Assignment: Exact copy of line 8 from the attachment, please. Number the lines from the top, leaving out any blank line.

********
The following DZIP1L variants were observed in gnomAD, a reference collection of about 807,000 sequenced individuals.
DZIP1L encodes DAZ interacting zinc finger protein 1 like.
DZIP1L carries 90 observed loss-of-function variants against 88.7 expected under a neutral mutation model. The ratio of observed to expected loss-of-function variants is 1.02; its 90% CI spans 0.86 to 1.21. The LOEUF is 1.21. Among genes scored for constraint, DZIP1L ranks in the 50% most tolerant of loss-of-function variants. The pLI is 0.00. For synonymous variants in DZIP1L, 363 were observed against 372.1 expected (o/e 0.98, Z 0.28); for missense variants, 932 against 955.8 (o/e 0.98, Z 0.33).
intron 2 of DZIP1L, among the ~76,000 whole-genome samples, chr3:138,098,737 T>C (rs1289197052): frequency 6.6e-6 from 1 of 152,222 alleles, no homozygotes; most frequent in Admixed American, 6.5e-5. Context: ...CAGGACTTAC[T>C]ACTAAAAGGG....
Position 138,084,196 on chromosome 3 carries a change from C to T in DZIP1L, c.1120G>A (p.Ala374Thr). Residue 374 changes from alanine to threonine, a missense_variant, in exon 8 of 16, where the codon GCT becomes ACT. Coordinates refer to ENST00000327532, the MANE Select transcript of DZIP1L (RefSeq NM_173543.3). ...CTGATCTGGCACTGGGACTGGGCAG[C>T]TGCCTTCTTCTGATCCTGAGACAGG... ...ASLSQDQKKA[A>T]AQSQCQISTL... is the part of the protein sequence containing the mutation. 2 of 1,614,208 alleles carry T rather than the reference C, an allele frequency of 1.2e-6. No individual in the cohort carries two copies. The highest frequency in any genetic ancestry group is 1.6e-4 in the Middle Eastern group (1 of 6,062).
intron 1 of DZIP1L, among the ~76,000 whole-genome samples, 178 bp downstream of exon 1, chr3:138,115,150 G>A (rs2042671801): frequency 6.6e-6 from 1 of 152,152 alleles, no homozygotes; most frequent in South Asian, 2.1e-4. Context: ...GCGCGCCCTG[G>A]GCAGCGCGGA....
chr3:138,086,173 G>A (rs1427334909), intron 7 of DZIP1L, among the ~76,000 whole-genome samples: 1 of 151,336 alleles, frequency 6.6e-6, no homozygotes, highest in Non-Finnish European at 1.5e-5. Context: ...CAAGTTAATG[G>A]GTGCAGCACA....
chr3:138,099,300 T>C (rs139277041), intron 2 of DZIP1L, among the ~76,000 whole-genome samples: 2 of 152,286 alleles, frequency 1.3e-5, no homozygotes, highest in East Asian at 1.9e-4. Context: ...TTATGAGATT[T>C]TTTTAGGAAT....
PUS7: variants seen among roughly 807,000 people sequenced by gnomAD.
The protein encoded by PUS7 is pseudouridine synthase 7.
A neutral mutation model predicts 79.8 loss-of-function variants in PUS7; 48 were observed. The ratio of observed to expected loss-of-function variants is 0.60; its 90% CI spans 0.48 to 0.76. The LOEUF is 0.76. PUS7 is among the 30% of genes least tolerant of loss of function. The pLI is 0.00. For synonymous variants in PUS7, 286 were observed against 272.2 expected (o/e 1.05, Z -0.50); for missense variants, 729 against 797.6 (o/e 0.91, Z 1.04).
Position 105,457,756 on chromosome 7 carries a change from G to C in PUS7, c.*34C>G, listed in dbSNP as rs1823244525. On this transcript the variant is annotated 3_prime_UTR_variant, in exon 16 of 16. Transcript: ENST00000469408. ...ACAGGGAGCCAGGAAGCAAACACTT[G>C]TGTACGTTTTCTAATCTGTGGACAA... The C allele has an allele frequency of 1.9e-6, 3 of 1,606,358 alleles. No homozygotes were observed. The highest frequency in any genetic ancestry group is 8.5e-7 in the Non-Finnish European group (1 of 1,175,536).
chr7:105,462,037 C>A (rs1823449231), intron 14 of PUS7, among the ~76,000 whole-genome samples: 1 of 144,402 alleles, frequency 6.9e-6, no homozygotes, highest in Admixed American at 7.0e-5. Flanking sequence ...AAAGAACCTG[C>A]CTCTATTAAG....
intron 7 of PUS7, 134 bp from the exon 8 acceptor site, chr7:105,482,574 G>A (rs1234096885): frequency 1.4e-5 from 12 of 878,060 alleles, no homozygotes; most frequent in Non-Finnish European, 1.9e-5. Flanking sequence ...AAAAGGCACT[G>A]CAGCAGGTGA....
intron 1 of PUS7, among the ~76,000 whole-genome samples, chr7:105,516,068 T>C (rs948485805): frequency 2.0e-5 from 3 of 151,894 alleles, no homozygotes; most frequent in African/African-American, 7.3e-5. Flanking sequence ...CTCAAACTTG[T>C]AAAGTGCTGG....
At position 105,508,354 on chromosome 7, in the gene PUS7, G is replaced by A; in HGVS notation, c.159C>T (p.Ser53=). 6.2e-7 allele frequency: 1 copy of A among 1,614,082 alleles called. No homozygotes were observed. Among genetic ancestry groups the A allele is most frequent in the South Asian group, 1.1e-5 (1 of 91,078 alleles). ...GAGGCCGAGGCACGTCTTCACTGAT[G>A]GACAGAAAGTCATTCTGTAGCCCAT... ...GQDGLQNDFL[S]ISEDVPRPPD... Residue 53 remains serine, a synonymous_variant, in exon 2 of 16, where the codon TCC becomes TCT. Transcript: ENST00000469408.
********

chr3:138,099,300 T>C (rs139277041), intron 2 of DZIP1L, among the ~76,000 whole-genome samples: 2 of 152,286 alleles, frequency 1.3e-5, no homozygotes, highest in East Asian at 1.9e-4. Context: ...TTATGAGATT[T>C]TTTTAGGAAT....